Evidence for involvement of a hydrophobic patch in framework region 1 of human V4-34-encoded Igs in recognition of the red blood cell I antigen


Potter, Kathleen N., Hobby, Paul, Klijn, Susanne, Stevenson, Freda K. and Sutton, Brian J. (2002) Evidence for involvement of a hydrophobic patch in framework region 1 of human V4-34-encoded Igs in recognition of the red blood cell I antigen. The Journal of Immunology, 169, (7), 3777-3782.

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Description/Abstract

The monoclonal IgM cold agglutinins that bind to the I/i carbohydrate Ags on the surface of RBCs all have Ig H chains encoded by the V4-34 gene segment. This mandatory use indicates that distinctive amino acid sequences may be involved in recognition. Critical amino acids exist in framework region 1 (FR1) of V4-34-encoded Ig, and these generate a specific Id determinant which apparently lies close to the I binding site. However, I binding by Id-expressing Ig can be modulated by sequences in complementarity-determining region (CDR)H3. Examination of the crystal structure of an anti-I cold agglutinin has revealed a hydrophobic patch in FR1 involving residue W7 on {beta}-strand A and the AVY motif (residues 23–25) on {beta}-strand B. In this study we used mutagenesis to show that each of the strand components of the hydrophobic patch is required for binding the I carbohydrate Ag. In addition, the crystal structure reveals that amino acids in the carboxyl-terminal region of CDRH3 form a surface region adjacent to the hydrophobic patch. We propose that the I carbohydrate Ag interacts simultaneously with the entire hydrophobic patch in FR1 and with the outside surface of CDRH3. This interaction could leave most of the conventional binding site available for binding other Ags.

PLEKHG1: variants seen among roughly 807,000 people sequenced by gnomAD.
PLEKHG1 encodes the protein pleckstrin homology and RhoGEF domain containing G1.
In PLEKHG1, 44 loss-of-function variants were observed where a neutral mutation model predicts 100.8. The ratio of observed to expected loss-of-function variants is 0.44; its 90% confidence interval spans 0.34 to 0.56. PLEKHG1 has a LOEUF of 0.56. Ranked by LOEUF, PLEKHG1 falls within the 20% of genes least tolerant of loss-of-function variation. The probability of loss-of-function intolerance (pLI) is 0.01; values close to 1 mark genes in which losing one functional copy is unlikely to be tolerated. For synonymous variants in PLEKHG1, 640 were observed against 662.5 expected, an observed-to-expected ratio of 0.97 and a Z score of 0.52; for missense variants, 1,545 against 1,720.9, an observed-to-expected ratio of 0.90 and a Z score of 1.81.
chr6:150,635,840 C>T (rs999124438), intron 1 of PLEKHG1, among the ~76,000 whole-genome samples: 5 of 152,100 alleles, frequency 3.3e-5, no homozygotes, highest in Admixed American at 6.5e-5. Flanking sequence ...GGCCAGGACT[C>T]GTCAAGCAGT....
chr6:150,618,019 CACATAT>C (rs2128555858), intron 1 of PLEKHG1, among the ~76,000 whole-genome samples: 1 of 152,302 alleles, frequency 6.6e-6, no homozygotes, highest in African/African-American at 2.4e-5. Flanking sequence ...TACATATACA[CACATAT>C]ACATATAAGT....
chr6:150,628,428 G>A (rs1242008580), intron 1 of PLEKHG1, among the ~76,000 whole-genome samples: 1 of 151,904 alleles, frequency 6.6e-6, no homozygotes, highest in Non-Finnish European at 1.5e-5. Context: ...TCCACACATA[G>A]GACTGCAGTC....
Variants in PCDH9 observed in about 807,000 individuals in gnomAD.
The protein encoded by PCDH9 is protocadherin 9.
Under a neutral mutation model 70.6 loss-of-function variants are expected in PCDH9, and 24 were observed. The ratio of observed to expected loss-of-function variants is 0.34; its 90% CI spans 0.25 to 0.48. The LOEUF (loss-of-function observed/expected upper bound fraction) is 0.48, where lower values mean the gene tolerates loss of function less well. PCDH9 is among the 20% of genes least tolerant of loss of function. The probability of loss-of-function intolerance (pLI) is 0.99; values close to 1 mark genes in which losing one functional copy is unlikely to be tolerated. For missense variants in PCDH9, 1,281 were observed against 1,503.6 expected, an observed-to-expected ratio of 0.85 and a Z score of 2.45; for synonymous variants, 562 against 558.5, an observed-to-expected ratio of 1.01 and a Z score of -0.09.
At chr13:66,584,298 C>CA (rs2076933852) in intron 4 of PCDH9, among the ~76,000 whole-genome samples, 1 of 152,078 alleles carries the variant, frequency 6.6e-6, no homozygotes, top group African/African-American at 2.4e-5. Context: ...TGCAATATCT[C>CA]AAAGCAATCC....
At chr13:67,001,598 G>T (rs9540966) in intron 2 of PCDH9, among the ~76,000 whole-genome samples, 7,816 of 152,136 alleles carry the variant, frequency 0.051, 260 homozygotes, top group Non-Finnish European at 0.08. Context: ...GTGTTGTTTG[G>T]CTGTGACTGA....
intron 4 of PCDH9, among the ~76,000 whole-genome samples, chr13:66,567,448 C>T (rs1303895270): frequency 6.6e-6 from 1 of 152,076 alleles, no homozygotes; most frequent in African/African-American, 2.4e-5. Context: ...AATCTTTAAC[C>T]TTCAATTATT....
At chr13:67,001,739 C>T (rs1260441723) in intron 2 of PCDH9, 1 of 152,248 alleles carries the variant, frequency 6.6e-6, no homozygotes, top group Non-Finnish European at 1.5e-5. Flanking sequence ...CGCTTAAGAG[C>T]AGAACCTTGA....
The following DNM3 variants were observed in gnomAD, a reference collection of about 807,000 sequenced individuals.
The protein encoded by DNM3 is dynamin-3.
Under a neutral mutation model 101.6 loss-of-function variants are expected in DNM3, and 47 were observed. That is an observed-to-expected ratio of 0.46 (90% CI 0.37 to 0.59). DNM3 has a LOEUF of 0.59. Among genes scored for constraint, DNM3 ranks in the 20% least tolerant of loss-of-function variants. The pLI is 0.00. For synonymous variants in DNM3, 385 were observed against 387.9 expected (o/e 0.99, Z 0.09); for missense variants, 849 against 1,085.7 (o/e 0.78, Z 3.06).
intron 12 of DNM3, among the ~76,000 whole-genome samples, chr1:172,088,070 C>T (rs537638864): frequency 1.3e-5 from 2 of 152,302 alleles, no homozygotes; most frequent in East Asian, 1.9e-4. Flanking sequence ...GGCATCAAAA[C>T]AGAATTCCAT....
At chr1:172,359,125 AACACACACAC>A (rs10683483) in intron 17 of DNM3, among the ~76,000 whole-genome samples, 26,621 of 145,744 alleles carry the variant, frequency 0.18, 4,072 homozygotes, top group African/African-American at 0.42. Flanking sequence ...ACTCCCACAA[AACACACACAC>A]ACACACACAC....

Item Type: Article
Related URLs:
Subjects: Q Science > Q Science (General)
R Medicine > R Medicine (General)
Divisions: University Structure - Pre August 2011 > School of Medicine > Cancer Sciences
ePrint ID: 26537
Date Deposited: 21 Apr 2006
Last Modified: 27 Mar 2014 18:15
URI: http://eprints.soton.ac.uk/id/eprint/26537

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